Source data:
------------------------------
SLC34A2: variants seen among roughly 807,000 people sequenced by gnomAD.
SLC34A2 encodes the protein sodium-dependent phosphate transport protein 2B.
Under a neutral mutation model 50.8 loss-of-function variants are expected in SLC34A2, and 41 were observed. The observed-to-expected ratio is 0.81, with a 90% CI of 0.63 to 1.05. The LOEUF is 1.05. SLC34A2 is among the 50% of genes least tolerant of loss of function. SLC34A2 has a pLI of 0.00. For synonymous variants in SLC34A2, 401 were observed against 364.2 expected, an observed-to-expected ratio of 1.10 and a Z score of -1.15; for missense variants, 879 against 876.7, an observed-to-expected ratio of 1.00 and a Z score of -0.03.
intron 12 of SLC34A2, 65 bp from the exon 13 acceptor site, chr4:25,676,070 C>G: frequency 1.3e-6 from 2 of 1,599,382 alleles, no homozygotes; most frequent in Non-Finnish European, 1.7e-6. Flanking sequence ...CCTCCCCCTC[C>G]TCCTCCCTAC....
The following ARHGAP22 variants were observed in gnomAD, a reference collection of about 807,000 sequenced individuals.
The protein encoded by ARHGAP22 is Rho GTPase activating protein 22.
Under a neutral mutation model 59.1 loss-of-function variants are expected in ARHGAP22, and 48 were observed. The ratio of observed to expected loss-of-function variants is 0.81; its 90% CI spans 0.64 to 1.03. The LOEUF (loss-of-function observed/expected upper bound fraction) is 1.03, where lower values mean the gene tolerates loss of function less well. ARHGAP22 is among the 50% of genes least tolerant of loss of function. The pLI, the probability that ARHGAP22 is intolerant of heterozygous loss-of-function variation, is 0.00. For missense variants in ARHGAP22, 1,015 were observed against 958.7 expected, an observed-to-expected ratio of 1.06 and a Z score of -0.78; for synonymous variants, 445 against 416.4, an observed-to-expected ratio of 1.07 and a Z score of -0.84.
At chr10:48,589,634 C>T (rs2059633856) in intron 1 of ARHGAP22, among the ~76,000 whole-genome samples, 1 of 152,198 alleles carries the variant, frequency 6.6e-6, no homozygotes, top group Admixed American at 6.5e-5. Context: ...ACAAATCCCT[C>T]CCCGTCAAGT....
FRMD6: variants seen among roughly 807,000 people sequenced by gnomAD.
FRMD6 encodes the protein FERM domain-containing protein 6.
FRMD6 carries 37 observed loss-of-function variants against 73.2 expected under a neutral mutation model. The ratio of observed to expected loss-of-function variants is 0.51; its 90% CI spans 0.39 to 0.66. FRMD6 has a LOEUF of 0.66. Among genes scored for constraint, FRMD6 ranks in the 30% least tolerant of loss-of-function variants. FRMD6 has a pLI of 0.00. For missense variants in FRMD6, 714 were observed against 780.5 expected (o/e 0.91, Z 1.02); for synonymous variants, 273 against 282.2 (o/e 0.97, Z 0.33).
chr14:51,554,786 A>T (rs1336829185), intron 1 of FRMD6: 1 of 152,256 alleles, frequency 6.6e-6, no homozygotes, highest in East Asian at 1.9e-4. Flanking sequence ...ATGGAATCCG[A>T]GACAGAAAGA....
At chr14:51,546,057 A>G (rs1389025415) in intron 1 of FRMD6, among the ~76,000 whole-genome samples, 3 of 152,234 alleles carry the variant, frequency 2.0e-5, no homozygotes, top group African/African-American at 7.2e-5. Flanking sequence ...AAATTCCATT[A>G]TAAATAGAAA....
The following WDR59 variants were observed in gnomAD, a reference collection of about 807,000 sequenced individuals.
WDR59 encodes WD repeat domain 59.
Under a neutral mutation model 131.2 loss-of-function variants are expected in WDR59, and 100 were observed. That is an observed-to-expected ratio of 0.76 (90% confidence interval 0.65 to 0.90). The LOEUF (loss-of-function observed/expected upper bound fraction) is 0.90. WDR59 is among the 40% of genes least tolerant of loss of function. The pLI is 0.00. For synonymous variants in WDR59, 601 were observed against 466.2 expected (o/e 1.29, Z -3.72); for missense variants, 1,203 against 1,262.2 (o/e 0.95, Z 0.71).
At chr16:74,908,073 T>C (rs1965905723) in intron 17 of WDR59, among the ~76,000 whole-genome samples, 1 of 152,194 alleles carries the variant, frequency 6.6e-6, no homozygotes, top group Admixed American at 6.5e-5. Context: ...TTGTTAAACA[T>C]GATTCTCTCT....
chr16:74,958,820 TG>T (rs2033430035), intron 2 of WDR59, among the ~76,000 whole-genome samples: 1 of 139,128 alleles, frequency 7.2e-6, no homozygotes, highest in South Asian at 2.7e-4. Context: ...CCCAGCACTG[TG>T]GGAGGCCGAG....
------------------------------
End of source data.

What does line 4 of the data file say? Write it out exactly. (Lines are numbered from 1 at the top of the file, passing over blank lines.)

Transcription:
intron 12 of SLC34A2, 65 bp from the exon 13 acceptor site, chr4:25,676,070 C>G: frequency 1.3e-6 from 2 of 1,599,382 alleles, no homozygotes; most frequent in Non-Finnish European, 1.7e-6. Flanking sequence ...CCTCCCCCTC[C>G]TCCTCCCTAC....